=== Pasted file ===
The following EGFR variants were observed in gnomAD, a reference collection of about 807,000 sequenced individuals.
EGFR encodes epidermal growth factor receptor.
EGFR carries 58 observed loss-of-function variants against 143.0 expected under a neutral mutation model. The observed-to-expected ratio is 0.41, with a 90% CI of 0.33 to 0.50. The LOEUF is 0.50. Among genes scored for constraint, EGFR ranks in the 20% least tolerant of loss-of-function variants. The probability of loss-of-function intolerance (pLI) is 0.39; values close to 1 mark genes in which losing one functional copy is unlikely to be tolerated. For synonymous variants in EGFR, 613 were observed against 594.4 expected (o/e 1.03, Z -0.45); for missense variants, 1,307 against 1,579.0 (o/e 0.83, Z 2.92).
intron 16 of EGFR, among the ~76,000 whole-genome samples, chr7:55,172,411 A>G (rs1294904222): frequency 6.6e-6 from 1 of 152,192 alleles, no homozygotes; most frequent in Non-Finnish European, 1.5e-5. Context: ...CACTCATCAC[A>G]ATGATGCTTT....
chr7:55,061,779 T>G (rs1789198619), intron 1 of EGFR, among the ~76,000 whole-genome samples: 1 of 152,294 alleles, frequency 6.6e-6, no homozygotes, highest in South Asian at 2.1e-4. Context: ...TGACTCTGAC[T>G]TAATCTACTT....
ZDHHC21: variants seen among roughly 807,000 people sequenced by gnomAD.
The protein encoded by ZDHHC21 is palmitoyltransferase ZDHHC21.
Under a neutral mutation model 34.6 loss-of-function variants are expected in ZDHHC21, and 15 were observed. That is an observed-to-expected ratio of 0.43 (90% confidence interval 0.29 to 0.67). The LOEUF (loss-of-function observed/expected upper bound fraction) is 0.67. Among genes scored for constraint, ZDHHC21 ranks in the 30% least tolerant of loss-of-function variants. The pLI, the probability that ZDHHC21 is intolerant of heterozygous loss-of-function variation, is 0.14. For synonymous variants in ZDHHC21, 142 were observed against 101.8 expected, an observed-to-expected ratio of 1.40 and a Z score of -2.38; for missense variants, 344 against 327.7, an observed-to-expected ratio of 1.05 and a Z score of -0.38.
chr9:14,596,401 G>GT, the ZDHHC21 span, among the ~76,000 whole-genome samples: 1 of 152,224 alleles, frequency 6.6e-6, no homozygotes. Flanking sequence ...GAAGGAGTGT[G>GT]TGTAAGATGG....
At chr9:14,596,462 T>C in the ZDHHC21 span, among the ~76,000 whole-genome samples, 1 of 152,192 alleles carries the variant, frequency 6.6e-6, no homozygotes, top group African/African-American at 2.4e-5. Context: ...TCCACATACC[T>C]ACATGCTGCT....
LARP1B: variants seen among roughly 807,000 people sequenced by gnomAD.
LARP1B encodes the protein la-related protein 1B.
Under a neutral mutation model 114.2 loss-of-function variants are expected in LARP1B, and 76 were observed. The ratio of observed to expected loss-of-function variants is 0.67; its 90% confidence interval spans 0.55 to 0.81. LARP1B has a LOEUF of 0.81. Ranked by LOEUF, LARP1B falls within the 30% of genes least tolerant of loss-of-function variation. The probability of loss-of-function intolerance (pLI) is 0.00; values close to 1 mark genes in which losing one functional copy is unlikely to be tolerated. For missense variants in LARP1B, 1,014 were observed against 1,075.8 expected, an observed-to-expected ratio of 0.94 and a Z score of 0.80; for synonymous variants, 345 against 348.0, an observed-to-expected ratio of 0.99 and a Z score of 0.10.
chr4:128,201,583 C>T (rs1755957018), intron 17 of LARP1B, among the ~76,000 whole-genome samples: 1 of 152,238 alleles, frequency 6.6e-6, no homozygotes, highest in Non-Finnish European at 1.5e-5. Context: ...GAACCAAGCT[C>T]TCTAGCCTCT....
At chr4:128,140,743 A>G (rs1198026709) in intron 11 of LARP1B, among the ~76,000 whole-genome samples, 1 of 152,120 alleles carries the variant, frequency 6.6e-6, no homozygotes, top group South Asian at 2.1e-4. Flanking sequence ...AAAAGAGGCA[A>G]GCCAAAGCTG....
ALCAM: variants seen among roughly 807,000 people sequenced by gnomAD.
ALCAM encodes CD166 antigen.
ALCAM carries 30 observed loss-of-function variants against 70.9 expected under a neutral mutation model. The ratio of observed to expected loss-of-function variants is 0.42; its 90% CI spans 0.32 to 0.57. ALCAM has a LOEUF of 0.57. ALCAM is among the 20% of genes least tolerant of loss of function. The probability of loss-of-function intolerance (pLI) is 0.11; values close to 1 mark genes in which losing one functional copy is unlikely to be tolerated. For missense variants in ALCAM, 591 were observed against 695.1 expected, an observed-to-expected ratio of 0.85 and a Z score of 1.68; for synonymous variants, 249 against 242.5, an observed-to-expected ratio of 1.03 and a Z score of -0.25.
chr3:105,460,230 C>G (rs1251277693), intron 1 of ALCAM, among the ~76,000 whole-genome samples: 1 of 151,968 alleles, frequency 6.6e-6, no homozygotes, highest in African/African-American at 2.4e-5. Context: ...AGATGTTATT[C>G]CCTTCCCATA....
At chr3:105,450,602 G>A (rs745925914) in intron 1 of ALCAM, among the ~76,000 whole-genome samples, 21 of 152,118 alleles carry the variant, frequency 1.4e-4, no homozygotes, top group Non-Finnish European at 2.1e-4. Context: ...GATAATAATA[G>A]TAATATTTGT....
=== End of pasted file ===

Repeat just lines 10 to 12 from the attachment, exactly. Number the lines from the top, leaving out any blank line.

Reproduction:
At chr9:14,596,462 T>C in the ZDHHC21 span, among the ~76,000 whole-genome samples, 1 of 152,192 alleles carries the variant, frequency 6.6e-6, no homozygotes, top group African/African-American at 2.4e-5. Context: ...TCCACATACC[T>C]ACATGCTGCT....
LARP1B: variants seen among roughly 807,000 people sequenced by gnomAD.
LARP1B encodes the protein la-related protein 1B.